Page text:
One important point: while Fox News is the sole major purveyor of news and opinion with a conservative/right-wing slant, CNN has more competition in the center/left part of the spectrum, notably from MSNBC.

Another: the average age of cable news viewers — whether they watch CNN or Fox News — is in the mid-60s. As a result of a shift in generational habits, TV viewing is down across the board. Younger people are more comfortable with a "cafeteria" approach to their news menu, selecting alternative and online sources for their information.

It should also be noted, however, that Fox News, according to Harvard's Nieman Lab, dominates Facebook when it comes to engagement among news outlets.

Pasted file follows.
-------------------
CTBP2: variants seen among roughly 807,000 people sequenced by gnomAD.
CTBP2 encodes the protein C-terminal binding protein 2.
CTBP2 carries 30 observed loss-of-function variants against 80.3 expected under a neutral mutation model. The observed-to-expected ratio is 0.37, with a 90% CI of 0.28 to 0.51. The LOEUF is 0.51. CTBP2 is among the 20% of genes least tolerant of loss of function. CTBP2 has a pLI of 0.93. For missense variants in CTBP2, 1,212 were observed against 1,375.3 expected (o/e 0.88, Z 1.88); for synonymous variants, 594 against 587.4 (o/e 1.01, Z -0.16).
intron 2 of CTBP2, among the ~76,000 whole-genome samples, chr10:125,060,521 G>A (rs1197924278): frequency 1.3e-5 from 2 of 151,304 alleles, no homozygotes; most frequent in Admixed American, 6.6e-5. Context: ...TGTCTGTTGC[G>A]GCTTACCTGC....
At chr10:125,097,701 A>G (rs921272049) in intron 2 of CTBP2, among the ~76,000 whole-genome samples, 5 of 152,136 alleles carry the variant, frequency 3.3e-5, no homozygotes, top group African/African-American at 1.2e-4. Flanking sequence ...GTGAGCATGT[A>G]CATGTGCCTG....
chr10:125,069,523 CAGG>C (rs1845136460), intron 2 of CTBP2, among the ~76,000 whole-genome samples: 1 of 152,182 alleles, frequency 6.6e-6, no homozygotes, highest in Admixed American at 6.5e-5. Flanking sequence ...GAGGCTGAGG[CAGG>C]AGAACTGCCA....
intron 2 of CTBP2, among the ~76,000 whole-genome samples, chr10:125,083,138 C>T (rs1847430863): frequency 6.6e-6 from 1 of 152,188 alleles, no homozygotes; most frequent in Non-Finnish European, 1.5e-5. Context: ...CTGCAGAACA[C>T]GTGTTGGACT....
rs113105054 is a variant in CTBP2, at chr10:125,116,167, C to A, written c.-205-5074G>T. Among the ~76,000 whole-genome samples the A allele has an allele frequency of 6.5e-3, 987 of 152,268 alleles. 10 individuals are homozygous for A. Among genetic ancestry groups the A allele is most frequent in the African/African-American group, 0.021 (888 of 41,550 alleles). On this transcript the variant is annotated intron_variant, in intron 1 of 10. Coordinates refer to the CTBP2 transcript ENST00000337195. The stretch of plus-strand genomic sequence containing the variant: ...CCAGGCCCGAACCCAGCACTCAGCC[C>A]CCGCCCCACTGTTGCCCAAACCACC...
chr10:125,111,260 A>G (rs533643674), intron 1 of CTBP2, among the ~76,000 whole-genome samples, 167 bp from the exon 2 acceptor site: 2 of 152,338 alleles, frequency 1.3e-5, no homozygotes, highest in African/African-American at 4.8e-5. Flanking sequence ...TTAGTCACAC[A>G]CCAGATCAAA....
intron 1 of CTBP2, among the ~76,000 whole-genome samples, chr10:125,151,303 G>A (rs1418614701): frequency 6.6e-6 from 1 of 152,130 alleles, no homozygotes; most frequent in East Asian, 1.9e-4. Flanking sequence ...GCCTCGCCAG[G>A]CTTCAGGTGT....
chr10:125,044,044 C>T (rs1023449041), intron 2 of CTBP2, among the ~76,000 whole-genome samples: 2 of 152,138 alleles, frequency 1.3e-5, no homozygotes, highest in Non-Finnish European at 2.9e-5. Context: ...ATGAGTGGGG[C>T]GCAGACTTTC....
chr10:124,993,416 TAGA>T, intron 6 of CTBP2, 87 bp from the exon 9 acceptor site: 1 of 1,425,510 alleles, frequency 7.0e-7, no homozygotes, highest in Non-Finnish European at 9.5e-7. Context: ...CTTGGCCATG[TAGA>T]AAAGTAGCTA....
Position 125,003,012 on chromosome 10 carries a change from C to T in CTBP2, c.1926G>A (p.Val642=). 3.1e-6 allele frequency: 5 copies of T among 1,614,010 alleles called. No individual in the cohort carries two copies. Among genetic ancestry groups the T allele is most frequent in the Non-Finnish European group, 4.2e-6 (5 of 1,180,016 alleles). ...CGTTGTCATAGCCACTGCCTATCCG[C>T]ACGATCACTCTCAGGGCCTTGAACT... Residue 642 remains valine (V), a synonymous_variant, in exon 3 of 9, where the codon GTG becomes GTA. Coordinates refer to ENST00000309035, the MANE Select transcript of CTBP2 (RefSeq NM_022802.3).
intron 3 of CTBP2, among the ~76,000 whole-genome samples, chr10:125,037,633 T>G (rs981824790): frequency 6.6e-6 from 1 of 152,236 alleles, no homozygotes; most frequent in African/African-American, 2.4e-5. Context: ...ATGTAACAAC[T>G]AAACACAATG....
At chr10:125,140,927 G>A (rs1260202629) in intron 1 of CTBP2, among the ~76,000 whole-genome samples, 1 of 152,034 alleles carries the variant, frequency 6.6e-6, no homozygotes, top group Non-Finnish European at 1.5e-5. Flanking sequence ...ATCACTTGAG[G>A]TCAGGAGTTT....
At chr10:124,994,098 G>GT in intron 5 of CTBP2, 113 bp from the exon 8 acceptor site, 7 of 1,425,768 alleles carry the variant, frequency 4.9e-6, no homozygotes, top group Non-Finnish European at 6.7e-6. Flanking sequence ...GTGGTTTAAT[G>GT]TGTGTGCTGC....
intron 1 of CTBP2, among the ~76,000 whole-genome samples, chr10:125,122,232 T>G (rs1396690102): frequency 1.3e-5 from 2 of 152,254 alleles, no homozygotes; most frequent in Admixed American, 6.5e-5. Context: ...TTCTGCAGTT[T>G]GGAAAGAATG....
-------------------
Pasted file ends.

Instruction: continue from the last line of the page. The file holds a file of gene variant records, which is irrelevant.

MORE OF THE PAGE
CNN, Fox and MSNBC

Image: Google Trends

CNN vs. Fox (without the 'News'; may include searches for actual foxes). See MSNBC (in yellow) for comparison

For the record, here are the Nielsen ratings for average daily viewer total for the three main cable news networks, for 2018 (compared to 2017):

  • Fox News: 1,425,000 (-5%)
  • MSNBC: 994,000 (+12%)
  • CNN: 706,000 (-9%)

And according to this recent overview, the top 50 of the most popular websites in the U.S. includes cnn.com in 28th place, and foxnews.com in... 27th place.

The top 5, in descending order, consists of google.com, youtube.com, facebook.com, amazon.com and yahoo.com — the latter being the highest-placed website in the News and Media category.